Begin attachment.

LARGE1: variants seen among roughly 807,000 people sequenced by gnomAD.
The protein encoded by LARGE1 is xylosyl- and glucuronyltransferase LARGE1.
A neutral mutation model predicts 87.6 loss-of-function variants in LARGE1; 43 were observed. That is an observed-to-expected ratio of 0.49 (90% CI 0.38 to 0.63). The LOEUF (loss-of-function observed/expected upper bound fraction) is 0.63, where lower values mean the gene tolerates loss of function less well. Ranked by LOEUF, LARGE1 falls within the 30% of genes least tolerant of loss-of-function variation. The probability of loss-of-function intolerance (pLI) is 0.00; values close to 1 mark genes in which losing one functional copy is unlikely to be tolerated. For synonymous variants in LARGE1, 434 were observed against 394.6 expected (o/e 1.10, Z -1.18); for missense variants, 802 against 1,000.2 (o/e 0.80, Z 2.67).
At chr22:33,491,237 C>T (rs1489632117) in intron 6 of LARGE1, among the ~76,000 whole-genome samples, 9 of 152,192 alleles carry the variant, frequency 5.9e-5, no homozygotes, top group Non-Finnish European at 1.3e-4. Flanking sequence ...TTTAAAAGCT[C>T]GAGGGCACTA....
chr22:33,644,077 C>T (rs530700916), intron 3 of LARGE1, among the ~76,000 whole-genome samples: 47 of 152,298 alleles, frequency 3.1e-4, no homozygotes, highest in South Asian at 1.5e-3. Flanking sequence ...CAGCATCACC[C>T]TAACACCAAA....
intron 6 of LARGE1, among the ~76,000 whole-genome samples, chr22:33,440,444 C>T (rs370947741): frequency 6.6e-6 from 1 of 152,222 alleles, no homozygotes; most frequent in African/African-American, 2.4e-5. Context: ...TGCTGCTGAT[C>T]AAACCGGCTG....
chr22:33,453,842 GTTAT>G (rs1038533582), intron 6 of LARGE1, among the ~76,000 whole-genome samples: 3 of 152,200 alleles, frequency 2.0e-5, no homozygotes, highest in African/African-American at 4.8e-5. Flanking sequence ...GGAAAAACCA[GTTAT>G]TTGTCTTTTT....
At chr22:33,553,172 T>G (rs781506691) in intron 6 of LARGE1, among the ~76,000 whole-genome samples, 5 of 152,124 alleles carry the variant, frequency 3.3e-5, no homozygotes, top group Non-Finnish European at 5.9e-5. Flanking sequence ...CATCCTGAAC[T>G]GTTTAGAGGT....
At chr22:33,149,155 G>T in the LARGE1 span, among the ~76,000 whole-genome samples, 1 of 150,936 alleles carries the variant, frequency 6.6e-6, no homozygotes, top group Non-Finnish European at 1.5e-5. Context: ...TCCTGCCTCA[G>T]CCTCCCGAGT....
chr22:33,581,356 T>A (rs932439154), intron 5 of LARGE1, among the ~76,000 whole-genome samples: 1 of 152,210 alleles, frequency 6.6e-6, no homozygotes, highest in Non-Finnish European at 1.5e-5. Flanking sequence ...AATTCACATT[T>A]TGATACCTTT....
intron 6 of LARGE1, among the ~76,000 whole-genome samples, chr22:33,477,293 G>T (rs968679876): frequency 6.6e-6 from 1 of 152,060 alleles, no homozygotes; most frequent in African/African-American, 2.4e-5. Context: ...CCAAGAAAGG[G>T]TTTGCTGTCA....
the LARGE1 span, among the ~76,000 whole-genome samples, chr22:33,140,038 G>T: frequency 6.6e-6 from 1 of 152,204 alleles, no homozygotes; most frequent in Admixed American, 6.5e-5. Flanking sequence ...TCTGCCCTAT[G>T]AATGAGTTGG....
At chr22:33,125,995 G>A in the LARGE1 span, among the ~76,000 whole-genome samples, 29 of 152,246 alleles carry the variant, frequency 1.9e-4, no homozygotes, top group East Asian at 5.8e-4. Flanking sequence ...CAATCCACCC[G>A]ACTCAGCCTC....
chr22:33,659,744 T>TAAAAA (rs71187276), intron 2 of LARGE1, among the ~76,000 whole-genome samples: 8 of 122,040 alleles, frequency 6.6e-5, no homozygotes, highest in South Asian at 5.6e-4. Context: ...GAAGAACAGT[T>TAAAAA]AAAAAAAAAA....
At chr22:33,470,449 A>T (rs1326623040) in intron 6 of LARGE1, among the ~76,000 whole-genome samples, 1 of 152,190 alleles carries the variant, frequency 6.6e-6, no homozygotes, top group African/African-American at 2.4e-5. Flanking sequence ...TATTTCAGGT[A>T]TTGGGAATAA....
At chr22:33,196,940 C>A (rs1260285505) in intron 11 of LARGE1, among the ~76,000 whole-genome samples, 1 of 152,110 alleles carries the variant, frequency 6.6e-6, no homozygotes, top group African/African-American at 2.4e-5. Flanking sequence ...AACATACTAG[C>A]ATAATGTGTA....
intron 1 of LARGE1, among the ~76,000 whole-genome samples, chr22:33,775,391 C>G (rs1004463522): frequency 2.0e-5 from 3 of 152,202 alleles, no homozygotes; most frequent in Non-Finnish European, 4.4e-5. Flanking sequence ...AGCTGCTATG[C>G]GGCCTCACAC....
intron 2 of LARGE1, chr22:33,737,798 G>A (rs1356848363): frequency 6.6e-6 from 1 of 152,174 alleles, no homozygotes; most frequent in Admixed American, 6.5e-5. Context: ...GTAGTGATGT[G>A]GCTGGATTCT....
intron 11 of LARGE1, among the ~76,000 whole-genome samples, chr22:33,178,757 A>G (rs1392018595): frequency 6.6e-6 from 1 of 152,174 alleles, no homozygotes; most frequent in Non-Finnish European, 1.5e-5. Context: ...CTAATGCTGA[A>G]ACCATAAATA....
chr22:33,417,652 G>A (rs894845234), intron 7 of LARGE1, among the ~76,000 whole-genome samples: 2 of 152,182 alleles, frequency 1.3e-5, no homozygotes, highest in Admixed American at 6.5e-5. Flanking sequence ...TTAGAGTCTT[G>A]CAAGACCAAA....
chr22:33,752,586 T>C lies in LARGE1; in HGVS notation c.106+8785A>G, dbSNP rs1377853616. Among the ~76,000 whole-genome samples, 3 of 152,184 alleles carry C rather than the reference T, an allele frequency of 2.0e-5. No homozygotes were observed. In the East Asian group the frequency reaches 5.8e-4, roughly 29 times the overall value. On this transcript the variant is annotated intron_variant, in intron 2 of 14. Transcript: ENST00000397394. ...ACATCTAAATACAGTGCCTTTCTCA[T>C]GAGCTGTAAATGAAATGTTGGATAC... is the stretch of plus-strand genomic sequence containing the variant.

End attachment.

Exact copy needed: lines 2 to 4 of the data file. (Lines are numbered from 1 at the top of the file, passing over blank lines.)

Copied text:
The protein encoded by LARGE1 is xylosyl- and glucuronyltransferase LARGE1.
A neutral mutation model predicts 87.6 loss-of-function variants in LARGE1; 43 were observed. That is an observed-to-expected ratio of 0.49 (90% CI 0.38 to 0.63). The LOEUF (loss-of-function observed/expected upper bound fraction) is 0.63, where lower values mean the gene tolerates loss of function less well. Ranked by LOEUF, LARGE1 falls within the 30% of genes least tolerant of loss-of-function variation. The probability of loss-of-function intolerance (pLI) is 0.00; values close to 1 mark genes in which losing one functional copy is unlikely to be tolerated. For synonymous variants in LARGE1, 434 were observed against 394.6 expected (o/e 1.10, Z -1.18); for missense variants, 802 against 1,000.2 (o/e 0.80, Z 2.67).
At chr22:33,491,237 C>T (rs1489632117) in intron 6 of LARGE1, among the ~76,000 whole-genome samples, 9 of 152,192 alleles carry the variant, frequency 5.9e-5, no homozygotes, top group Non-Finnish European at 1.3e-4. Flanking sequence ...TTTAAAAGCT[C>T]GAGGGCACTA....